Give Us Your Best Shot

It’s about that time again – time for the annual CostCo Photo Contest. I entered last year with one of my pictures from Japan; it was fun, but I didn’t win anything. I totally plan on entering again this year, I’m just not sure which photo I should enter; I have a few photos I’m a fan of. Supposedly the judges tend to lean towards “people” shots over landscape shots, but I’m listing some of my favorite shots, regardless.

Any thoughts or opinions? Maybe something else you saw in the gallery at some point, that you think is better? Let me know; the deadline is September 30th, so I have about a month before I need to make a final decision.

Photo-Blogging

Recently I’ve been on a photography kick. I’ve always liked photography – I took classes in high school and college, and had an old, fully manual, SLR for my high school photography class. I lost interest for a while, but am just starting to re-discover that interest.

In my rediscovery, I stumbled upon many websites on the subject of photography, and quite a few photoblogs. I really like the idea of a photoblog, and being able to categorize photos by subject type, rather than event. I even stumbled upon a nice photoblog host. It’s like a combination of LiveJournal and Flickr. My problem is – I have my WordPress blog, and my Gallery already. I’m not really interested in converting my blog into a photo-blog, despite the number of plug-ins that can easily convert a WordPress install into a photo-blog. And my gallery serves a purpose – I have photos arranged by event, mainly, so that friends and family can go find photos from events, should they desire. I could get an account at Animus3 and maintain that separately from my gallery, but I know myself too well; it might start out nice, but would become more trouble than it’s worth. That’s why I gave up on LJ; I have my WordPress blog, and didn’t see the point in maintaining 2 independent sites with the same content. What I need is a way to modify Gallery to provide a way to categorize photos by style, in addition to holding them in sub-albums arranged by event. I’ve already added a custom field to photos for “category” – I’m sure with Dynamic Albums in Gallery 2.2 I can work out a way to give visitors the option to browse the established albums, or browse dynamicly created albums, organized by category. Let’s see what happens.

Going Old School

It’s probably been a month or more since I gave up Outlook (more here), and I’ve noticed something. As a result of giving up on Outlook, I seem to have given up on my PDA as well. Not that I ever used my PDA to it’s full potential; I used it mainly to manage my schedule, maintain my address book, hold shopping lists and display driving directions.

But times have changed. I stopped using Outlook, so it’s pointless for me to input my work schedule into my PDA, since I’ll just re-enter it into Google Calendar when I get home. MapQuest no longer supports the offline, downloadable maps for portable devices that it used to, which was the only reason I ever used MapQuest, really. If I can’t download my directions onto my PDA, I’ll just go back to printing them out like I did before I had my PDA.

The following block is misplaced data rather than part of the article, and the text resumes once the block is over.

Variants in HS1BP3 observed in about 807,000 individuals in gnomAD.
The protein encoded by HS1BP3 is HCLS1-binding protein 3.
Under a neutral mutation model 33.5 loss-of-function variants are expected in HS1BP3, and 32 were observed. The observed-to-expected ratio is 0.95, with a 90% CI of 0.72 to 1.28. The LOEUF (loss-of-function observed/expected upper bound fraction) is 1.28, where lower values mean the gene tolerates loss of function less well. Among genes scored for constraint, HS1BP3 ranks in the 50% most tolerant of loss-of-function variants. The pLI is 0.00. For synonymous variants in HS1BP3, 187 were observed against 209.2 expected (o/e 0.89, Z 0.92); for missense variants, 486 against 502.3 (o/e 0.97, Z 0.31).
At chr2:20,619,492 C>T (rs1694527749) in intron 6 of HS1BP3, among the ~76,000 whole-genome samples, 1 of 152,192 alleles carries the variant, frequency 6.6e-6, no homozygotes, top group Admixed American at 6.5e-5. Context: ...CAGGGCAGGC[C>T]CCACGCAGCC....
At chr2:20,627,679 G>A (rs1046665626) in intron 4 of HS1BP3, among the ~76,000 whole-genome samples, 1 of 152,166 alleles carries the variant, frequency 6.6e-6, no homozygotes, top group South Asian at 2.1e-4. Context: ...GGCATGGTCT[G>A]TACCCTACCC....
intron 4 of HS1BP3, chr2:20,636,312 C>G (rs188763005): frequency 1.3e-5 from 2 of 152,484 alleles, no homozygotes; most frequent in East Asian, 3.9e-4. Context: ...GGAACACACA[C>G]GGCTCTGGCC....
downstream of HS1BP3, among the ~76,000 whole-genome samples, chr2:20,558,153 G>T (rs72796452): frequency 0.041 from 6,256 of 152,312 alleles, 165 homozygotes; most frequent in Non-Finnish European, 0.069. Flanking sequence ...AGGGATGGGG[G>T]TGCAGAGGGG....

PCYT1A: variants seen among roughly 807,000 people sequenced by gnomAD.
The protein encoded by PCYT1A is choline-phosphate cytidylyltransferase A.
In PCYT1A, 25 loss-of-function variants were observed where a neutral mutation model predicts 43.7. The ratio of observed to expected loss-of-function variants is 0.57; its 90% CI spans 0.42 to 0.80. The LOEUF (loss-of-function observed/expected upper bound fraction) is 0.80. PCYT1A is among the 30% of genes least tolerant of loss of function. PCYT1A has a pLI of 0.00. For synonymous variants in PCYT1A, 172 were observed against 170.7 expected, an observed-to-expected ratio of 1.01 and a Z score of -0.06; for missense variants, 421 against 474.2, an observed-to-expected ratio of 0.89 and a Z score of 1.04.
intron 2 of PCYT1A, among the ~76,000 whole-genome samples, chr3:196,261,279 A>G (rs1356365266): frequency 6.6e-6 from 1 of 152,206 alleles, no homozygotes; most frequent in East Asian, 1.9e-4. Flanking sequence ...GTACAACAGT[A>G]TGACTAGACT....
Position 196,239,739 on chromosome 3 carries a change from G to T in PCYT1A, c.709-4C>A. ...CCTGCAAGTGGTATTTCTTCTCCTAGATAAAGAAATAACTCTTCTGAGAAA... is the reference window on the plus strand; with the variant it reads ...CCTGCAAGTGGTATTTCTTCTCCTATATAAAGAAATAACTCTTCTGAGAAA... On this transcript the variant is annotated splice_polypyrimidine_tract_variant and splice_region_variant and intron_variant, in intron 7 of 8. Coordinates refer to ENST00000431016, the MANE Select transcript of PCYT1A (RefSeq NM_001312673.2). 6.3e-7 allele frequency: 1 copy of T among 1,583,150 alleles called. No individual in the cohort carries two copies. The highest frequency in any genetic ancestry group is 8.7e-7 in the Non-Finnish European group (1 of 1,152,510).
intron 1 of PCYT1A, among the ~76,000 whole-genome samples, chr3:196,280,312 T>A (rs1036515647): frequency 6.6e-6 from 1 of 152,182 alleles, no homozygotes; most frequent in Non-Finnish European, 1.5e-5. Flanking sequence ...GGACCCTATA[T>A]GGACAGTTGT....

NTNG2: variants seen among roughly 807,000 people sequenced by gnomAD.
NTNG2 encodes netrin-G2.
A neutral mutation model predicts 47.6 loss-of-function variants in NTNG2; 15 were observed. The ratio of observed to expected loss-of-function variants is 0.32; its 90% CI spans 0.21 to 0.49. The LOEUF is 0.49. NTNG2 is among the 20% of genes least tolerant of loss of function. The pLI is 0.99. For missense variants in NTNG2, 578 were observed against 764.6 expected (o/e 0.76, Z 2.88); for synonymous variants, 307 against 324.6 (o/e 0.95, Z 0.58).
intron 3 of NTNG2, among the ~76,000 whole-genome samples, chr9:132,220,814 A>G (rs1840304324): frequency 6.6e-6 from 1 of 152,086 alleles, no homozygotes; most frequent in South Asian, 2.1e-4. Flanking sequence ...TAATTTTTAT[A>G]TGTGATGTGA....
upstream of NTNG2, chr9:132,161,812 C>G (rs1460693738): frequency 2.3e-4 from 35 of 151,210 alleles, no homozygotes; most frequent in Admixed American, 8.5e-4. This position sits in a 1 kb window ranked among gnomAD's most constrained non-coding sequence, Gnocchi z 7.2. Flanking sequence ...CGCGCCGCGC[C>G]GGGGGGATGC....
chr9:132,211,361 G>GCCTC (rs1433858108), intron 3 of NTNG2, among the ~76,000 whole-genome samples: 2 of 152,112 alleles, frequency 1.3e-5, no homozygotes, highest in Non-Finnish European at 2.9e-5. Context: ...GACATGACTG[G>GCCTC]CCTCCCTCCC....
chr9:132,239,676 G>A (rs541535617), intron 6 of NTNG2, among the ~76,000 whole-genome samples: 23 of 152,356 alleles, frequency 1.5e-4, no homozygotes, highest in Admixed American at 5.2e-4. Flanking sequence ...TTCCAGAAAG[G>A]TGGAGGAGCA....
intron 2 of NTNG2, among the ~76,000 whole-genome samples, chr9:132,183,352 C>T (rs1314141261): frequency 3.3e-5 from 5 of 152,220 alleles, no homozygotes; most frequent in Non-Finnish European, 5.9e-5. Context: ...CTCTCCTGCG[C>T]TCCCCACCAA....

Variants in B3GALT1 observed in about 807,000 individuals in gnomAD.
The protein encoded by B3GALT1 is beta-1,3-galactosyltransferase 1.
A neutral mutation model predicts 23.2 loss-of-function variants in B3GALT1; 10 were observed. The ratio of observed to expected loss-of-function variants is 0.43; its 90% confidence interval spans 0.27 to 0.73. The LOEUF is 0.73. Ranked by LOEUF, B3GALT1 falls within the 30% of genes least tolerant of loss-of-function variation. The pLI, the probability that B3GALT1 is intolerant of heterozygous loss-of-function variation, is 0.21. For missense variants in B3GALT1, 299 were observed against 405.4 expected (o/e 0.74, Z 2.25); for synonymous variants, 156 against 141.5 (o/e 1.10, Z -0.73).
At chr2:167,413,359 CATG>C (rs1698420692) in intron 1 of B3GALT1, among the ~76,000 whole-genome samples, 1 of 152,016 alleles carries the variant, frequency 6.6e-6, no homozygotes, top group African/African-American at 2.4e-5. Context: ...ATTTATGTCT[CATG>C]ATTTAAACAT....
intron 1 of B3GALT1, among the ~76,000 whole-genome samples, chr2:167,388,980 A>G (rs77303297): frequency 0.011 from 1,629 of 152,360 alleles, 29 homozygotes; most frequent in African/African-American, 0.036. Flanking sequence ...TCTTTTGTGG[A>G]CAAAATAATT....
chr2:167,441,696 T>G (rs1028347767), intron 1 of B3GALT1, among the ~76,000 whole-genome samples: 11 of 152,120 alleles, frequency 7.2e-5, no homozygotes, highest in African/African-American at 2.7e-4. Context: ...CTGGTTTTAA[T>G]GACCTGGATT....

So this basically leaves me with two remaining functions; address book and list holder. But again, since I’ve given up Outlook, I won’t keep the contacts in there up to date. I’m in the middle of creating a digital address book in Access to hold all my contact information, so that when Christmas comes around, I can just do a mail merge and print the addresses onto the envelopes. Hand addressing envelopes sucked when it was just my friends and family – I’m not crazy enough to try that for two families worth of Christmas cards. As part of that, I’m trying to find a way to print out address cards, as a sort of do-it-yourself kind of address book. I’m playing with forms in Access – ideally I want one card per person, so that when their information changes, I can just print a new card and replace it. Finding a way to keep it bound together, and not in an index card box, is proving problematic.

After ruling out calendar management, driving directions and address book, I’m left with list holder. That’s right, my PDA is a glorified notepad. And honestly, if I’m just using it to hold shopping lists, do I really NEED a PDA? I think not. And so, after checking out the Hipster PDA, I think I’m ready to give up the PDA and go analog again. We’ll see how it turns out.

Giving Up Outlook

A few weeks ago I decided I would try giving up Microsoft Outlook. I already used Gmail as my primary email account, and was getting frustrated with trying to achieve a two-way sync between Google Calendar and my Outlook appointments, so I thought I would just give up Outlook for Google. And honestly, it’s a lot easier than I thought it would be. The main reason I used Outlook wasn’t just for use as an email client – if it was as simple as email, I would have given up Outlook for Gmail years ago. No, I used Outlook as a management system for my appointments, tasks, address book and email.